Business Week magazine just published a list of the number of millionaires by country. No shocker that the US still outpaces any other nation (Japan was #2, and China has vaulted to #3), but there was something about the distribution of wealth that I found interesting. In addition to listing the number of millionaires, the list also included what percent of the nation’s wealth is held by those millionaires. That was astounding:
1. Hong Kong (73%)
2. USA (56%)
3. People’s Republic of China (50%)
4. Switzerland (44%)
5. Republic of China (37%)
6. Italy (27%)
7. UK (23%)
8. Germany (22%)
9. Japan (21%)
10. France (19%)
What I am not surprised about: the nanny states of continental Europe have likely driven away a lot of the rich and their assets, allowing the wealthy to control little of the country. The good news is that the wealthy control less, the bad news is that you have to wonder what percent of the wealth marched over the border with them? The noted exception is Switzerland and its creative banking laws.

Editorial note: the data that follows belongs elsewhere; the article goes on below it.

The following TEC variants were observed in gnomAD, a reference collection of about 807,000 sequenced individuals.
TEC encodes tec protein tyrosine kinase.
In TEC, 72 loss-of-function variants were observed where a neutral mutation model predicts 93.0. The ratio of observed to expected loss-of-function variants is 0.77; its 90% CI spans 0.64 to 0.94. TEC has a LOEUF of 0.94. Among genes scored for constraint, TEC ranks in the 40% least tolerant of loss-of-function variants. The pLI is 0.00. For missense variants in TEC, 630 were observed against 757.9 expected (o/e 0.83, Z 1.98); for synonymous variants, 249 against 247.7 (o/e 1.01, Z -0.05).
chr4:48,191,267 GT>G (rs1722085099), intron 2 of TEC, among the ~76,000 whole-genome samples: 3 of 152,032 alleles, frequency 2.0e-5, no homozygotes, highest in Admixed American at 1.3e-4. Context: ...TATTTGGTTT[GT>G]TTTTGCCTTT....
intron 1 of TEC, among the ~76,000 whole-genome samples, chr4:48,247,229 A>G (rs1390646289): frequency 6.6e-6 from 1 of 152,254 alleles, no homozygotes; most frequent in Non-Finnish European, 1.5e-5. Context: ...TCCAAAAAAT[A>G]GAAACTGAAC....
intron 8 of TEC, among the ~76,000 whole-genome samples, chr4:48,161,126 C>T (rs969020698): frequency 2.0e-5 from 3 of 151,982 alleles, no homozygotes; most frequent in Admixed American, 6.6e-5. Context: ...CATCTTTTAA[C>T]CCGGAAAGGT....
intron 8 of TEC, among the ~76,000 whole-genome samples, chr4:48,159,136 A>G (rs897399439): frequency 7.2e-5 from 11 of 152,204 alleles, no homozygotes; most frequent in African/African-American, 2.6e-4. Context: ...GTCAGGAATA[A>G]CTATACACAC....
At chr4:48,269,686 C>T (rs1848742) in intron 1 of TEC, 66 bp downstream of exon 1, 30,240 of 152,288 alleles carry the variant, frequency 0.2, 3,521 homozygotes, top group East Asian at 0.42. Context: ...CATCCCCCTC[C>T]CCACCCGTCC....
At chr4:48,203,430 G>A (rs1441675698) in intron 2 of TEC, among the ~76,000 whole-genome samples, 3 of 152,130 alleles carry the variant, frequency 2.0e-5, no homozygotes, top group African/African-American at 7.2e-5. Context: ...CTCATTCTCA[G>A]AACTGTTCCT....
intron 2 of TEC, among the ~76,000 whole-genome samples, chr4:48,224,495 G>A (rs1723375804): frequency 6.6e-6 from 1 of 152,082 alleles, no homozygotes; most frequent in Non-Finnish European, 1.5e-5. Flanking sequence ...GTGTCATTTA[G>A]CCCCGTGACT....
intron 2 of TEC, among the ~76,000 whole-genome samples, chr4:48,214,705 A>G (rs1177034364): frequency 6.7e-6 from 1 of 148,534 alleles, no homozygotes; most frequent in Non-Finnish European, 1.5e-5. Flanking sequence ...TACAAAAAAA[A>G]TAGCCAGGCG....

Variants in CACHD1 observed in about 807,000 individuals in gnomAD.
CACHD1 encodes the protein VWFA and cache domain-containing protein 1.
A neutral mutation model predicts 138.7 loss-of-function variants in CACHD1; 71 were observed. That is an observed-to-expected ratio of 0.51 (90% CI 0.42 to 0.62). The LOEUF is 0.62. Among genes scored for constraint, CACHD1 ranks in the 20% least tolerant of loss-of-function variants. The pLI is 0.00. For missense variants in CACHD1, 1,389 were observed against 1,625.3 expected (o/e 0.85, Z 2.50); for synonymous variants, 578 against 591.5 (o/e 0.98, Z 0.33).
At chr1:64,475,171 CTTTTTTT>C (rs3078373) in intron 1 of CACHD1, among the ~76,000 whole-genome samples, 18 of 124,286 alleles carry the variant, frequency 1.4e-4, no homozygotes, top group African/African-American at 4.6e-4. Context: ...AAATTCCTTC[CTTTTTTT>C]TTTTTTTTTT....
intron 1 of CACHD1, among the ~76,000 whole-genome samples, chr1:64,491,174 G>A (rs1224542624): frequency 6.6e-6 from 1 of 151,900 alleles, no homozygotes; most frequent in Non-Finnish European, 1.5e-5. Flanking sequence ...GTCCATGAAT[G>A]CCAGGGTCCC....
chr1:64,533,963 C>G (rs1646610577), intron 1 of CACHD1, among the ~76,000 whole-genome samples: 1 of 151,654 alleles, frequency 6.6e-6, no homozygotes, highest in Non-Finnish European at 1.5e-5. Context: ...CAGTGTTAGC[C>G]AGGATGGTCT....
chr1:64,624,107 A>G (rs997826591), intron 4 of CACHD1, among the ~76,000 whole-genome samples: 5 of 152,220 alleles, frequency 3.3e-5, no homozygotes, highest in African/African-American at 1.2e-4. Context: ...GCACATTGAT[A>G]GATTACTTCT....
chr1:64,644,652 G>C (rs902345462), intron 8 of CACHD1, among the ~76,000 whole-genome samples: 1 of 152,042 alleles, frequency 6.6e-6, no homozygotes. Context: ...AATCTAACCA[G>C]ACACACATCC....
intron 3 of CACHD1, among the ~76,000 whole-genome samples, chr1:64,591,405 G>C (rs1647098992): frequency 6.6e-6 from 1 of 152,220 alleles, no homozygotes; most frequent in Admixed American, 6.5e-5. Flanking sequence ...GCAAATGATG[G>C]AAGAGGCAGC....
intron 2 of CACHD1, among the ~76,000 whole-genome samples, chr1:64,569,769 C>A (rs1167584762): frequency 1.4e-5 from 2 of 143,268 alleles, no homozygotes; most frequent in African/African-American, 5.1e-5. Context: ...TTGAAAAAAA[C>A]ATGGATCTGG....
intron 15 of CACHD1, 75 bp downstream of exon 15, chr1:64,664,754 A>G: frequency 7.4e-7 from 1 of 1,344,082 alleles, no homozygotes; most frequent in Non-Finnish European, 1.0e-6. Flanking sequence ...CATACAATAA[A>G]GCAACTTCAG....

What shocked me: Despite claims of communism and socialism spreading the wealth, it appears that there is something to the Orwellian precept about communism making everyone equal, just some more equal than others. Hong Kong, under its special arrangement is not unbelievable, but that China has emerged this way is remarkable. It seems that China is almost as capitalistic as the US, and that Taiwan is more socialist than the mainland (at least as far as one limited indicator could assess).
Of course, one wonders how long it will be before the Beijing government steps in and starts collecting on that … I suppose as long as their economy grows, the rich are safe.